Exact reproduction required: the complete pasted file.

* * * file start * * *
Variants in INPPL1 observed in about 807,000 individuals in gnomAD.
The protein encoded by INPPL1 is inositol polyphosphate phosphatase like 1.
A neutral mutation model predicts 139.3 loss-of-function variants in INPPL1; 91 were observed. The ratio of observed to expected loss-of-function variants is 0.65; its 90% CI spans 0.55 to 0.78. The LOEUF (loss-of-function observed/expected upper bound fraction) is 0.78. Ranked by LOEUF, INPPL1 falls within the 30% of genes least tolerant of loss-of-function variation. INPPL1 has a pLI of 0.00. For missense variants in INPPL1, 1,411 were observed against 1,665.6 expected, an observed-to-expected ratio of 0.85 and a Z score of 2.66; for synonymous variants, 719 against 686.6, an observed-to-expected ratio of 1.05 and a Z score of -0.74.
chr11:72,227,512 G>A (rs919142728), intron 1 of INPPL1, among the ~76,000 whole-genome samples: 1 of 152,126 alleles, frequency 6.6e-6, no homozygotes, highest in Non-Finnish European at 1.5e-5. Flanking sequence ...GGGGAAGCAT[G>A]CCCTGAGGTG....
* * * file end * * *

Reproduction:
Variants in INPPL1 observed in about 807,000 individuals in gnomAD.
The protein encoded by INPPL1 is inositol polyphosphate phosphatase like 1.
A neutral mutation model predicts 139.3 loss-of-function variants in INPPL1; 91 were observed. The ratio of observed to expected loss-of-function variants is 0.65; its 90% CI spans 0.55 to 0.78. The LOEUF (loss-of-function observed/expected upper bound fraction) is 0.78. Ranked by LOEUF, INPPL1 falls within the 30% of genes least tolerant of loss-of-function variation. INPPL1 has a pLI of 0.00. For missense variants in INPPL1, 1,411 were observed against 1,665.6 expected, an observed-to-expected ratio of 0.85 and a Z score of 2.66; for synonymous variants, 719 against 686.6, an observed-to-expected ratio of 1.05 and a Z score of -0.74.
chr11:72,227,512 G>A (rs919142728), intron 1 of INPPL1, among the ~76,000 whole-genome samples: 1 of 152,126 alleles, frequency 6.6e-6, no homozygotes, highest in Non-Finnish European at 1.5e-5. Flanking sequence ...GGGGAAGCAT[G>A]CCCTGAGGTG....